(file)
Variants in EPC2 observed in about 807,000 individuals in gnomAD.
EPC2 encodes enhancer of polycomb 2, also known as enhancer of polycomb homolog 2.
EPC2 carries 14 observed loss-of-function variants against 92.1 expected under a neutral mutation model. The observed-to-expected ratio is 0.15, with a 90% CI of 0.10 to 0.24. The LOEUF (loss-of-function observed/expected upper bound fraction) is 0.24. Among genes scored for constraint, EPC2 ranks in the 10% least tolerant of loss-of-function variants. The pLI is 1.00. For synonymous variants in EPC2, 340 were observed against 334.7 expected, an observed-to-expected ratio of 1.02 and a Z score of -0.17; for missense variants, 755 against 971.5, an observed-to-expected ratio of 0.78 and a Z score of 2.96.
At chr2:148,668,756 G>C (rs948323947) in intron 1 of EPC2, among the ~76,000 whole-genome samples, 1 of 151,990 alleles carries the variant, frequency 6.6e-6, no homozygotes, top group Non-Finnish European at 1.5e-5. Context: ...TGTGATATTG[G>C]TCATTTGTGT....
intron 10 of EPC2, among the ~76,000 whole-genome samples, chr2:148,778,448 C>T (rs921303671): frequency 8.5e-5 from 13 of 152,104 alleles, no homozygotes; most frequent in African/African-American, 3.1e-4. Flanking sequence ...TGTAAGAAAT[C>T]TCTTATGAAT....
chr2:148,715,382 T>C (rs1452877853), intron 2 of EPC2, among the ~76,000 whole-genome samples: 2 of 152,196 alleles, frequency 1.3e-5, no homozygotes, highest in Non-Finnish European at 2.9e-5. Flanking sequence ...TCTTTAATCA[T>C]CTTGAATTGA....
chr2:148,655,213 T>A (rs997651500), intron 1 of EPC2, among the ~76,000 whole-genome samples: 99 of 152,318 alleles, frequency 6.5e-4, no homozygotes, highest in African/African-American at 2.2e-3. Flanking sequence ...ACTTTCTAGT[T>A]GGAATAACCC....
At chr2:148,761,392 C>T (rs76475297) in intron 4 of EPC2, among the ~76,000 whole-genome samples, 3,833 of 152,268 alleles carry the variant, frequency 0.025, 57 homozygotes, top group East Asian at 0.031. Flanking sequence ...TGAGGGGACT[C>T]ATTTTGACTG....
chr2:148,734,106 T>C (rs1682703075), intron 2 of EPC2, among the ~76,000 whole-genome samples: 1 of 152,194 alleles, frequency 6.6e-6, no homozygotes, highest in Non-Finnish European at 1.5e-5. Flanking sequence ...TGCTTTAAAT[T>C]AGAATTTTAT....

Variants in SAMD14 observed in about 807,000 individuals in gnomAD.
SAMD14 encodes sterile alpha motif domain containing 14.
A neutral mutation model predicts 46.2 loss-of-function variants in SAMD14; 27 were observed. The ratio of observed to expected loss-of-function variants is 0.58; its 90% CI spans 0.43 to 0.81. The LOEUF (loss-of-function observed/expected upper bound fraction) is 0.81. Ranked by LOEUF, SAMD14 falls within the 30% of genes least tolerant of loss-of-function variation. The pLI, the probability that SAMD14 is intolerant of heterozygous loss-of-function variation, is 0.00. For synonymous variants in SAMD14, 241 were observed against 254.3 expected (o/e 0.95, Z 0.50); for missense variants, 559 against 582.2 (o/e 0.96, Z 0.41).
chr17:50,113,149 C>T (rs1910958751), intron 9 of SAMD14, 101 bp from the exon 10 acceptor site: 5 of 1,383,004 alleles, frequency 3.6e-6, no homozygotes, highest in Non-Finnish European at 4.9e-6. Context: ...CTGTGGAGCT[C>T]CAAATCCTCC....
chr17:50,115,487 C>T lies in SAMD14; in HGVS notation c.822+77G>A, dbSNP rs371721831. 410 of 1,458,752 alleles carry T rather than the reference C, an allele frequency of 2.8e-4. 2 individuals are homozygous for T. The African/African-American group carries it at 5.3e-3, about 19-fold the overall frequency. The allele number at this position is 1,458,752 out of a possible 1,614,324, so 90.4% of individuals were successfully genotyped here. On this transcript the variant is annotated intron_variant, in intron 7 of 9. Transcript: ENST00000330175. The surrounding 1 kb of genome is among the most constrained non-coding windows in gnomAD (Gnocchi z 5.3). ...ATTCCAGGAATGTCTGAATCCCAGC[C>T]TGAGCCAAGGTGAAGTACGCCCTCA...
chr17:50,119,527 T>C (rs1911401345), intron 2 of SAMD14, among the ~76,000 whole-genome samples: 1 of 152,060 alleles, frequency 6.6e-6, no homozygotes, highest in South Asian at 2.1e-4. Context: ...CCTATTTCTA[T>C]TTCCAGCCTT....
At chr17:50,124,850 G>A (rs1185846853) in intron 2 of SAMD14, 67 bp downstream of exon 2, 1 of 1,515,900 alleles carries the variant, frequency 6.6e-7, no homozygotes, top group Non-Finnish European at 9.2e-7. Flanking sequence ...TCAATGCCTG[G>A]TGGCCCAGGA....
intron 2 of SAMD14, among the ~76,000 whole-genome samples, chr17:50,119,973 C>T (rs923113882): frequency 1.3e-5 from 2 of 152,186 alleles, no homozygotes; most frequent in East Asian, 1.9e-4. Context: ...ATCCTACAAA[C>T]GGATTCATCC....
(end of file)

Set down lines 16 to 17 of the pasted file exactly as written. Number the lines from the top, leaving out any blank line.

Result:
At chr17:50,124,850 G>A (rs1185846853) in intron 2 of SAMD14, 67 bp downstream of exon 2, 1 of 1,515,900 alleles carries the variant, frequency 6.6e-7, no homozygotes, top group Non-Finnish European at 9.2e-7. Flanking sequence ...TCAATGCCTG[G>A]TGGCCCAGGA....
intron 2 of SAMD14, among the ~76,000 whole-genome samples, chr17:50,119,973 C>T (rs923113882): frequency 1.3e-5 from 2 of 152,186 alleles, no homozygotes; most frequent in East Asian, 1.9e-4. Context: ...ATCCTACAAA[C>T]GGATTCATCC....